|A GRATIA||2||A SUMMO|
A GRATIA. From grace or favor; as a matter of indulgence, not of right.
A LATERE. Lat. From the side. In connection with the succession to property, the term means "collateral." Bract. fol. 20b. Also, sometimes, "without right." Id. fol. 420. in ecclesiastical law, a legate a latere is one invested with full apostolic powers; one authorized to represent the pope as if the latter were present. Du Cange.
A LIBELLIS. L. Lat. An officer who had charge of the libelli or petitions addressed to the sovereign. Calvin. A name sometimes given to a chancellor, (cancellarius,) in the early history of that office. Spelman, "Cancellarius."
A l’impossible nul n’est tenu. No one is bound to do what is impossible.
A ME. (Lat. ego, I.) A term denoting direct tenure of the superior lord. 2 Bell, H. L. Sc. 133. Unjustly detaining from me. He is said to withhold a me (from me) who has obtained possession of my property unjustly. Calvin.
A MENSA ET THORO. From bed and board. Descriptive of a limited divorce or separation by judicial sentence.
A NATIVITATE. From birth, or from infancy. Denotes that a disability, status, etc., is congenital.
A non posse ad non ease sequitur argumentum necessarie negative. From the impossibility of a thing to its non-existence, the inference follows necessarily in the negative. That which cannot be done is not done. Hob. 336b. Otherwise, in the affirmative. Id.
A PALATIO. L. Lat. From palatium, (a palace.) Counties palatine are hence so called. 1 Bl. Comm. 117. See PALATIUM.
A piratis aut latronibus capti liberi permanent. Persons taken by pirates or robbers remain free. Dig. 49, 15. 19, 2: Gro. de J. B. Lib. 3, c. 3, § 1.
A piratis et latronibus capta dominium non mutant. Things taken or captured by pirates and robbers do not change their ownership. Bynk. bk. 1, c. 17; 1 Kent, Comm. 108, 184. No right to the spoil vests in the piratical captors; no right is derivable from them to any recaptors in prejudice of the original owners. 2 Wood. Lect. 428.
A POSTERIORI. A term used in logic to denote an argument founded on experiment or observation, or one which. taking ascertained facts as an effect, proceeds by synthesis and induction to demonstrate their cause.
A PRENDRE. L. Fr. To take. Bref à prendre la terrre, a writ to take the land. Fet Ass. § 51. A right to take something out of the soil of another is a profit à prendre, or a right coupled with a profit. 1 Crabb. Real Prop. p. 125, § 115. Distinguished from an easement. 5 Adol. & E. 758. Sometimes written as one word, apprendre, apprender.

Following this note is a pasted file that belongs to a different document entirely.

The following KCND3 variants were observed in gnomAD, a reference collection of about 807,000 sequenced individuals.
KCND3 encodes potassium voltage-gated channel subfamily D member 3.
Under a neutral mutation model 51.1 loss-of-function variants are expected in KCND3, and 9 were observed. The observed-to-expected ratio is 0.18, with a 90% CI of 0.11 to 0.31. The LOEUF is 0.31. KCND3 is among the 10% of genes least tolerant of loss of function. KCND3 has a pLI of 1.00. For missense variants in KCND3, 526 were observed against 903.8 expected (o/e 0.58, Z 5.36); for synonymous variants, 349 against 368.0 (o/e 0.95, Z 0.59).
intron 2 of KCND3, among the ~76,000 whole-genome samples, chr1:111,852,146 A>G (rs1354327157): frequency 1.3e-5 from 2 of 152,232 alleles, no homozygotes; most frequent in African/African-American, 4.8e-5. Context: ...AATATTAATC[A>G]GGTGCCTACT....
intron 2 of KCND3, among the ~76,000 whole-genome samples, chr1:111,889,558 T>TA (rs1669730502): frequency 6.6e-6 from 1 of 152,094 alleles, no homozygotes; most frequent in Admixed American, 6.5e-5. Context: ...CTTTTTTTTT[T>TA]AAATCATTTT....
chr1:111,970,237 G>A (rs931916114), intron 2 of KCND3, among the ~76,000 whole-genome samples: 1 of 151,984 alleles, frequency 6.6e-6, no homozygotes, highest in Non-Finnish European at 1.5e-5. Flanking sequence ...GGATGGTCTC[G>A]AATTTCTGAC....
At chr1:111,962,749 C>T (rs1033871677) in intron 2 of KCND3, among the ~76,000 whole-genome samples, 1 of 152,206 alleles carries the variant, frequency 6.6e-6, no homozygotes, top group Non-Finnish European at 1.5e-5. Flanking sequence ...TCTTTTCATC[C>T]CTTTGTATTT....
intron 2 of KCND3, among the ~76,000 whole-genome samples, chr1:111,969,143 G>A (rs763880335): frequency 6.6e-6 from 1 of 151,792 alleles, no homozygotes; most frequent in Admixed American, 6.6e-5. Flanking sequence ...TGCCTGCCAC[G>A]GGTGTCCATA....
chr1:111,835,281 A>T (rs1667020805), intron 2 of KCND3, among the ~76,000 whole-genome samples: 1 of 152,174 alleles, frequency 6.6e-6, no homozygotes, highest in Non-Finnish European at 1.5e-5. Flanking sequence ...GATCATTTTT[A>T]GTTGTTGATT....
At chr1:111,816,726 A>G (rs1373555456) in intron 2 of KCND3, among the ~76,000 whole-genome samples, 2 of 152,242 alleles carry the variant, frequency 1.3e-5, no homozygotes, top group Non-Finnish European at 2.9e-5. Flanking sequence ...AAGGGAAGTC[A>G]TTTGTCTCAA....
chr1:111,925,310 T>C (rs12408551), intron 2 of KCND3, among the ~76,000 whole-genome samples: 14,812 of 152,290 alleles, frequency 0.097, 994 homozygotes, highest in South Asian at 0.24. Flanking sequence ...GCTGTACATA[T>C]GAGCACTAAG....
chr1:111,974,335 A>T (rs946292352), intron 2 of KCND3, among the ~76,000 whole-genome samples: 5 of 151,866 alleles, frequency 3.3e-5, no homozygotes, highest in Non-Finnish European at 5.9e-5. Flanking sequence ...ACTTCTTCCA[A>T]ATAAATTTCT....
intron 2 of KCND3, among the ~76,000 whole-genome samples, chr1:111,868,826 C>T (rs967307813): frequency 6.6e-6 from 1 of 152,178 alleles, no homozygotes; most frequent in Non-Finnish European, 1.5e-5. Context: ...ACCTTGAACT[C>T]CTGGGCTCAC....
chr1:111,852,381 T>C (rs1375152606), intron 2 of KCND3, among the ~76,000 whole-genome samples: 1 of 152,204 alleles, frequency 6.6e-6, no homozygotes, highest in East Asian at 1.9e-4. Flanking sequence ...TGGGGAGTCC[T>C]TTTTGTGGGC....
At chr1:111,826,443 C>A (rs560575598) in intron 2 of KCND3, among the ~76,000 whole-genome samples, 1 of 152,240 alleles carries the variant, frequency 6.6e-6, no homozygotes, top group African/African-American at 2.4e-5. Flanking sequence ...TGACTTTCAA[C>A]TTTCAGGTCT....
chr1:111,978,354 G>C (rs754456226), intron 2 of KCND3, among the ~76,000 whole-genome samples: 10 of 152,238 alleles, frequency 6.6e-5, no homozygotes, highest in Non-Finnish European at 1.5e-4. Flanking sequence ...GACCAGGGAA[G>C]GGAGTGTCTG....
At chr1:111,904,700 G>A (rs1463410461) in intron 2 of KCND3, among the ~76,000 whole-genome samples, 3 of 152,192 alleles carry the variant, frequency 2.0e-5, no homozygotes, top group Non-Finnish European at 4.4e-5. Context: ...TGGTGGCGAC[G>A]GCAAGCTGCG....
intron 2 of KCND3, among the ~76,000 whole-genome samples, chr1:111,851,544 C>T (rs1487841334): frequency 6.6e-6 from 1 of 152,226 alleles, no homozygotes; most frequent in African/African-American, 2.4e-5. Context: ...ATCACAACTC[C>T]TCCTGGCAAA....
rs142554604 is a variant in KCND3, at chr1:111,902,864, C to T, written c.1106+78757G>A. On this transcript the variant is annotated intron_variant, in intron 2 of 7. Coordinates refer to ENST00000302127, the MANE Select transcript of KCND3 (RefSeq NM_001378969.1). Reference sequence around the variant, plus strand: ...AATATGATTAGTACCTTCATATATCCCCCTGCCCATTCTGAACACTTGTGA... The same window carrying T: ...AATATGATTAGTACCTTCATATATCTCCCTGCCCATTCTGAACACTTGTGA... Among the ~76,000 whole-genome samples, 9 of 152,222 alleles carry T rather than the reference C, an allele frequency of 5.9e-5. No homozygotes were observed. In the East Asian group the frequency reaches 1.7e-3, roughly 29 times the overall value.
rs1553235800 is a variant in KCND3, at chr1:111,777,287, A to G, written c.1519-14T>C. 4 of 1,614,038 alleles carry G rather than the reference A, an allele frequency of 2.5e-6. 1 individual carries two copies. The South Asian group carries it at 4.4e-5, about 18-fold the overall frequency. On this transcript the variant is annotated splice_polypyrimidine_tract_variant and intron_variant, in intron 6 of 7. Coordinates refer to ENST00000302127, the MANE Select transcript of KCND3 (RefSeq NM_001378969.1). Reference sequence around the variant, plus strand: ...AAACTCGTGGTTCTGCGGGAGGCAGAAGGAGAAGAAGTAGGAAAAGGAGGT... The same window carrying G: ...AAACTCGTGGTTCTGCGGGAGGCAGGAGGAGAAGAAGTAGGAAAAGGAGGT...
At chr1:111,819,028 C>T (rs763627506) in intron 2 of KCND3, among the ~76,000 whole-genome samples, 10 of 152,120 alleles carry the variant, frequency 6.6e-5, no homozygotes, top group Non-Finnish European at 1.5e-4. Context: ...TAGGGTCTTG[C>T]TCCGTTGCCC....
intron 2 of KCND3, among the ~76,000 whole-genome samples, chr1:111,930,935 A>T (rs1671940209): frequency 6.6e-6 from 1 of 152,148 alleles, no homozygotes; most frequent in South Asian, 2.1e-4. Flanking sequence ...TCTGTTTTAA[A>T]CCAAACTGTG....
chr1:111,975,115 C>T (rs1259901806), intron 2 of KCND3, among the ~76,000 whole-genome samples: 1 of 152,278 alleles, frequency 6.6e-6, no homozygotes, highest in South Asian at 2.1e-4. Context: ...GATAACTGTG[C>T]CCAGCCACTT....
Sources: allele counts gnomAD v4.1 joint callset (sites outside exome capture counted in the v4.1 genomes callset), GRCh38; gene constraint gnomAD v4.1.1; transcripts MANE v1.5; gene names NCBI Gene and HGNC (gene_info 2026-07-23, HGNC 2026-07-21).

A PRIORI. A term used in logic to denote an argument founded on analogy, or abstract considerations, or one which, positing a general principle or admitted truth as a cause, proceeds to deduce from it the effects which must necessarily follow.
A QUO. A term used, with the correlative ad quem, (to which,) in expressing the computation of time, and also of distance in space. Thus, dies à quo, the day from which, and dies ad quem, the day to which, a period of time is computed. So, terminus à quo, the point or limit from which, and terminus ad quem, the point or limit to which, a distance or passage in space is reckoned.
A QUO; A QUA. From which. The judge or court from which a cause has been brought by error or appeal, or has otherwise been removed, is termed the judge or court a quo; a qua. Abbott.
A RENDRE. (Fr. to render, to yield.) ‘That which is to be rendered, yielded, or paid. Profits à rendre comprehend rents and services. Ham. N. P. 192.
A rescriptis valet argumentum. An argument drawn from original writs in the register is good. Co. Litt. 11a.
A RESPONSIS. L. Lat. In ecclesiastical law. One whose office it was to give or convey answers; otherwise termed responsalis, and apocrisiarius. One who, being consulted on ecclesiastical matters, gave answers, counsel, or advice; otherwise termed a consiliis. Spelman, "Apocrisiarius."
A RETRO. L. Lat. Behind; in arrear. Et reditus proveniens inde è retro fucrit, and the rent issuing therefrom be in arrear. Fleta, lib. 2, c. 53, § 2.
A RUBRO AD NIGRUM. Lat. From the red to the black; from the rubric or title of a statute. (which, anciently, was in red letters.) to its body, which was in the ordinary black. Tray. Lat. Max.; Bell, Rubric."
A summo remedio ad inferiorem actionem non habetur regressus, neque auxilium. From (after using) the highest remedy, there can be no recourse (going back) to an inferior action, nor assistance, (derived from it.) Fleta, lib. 6. c. 1, § 2. A maxim in the old law of real actions,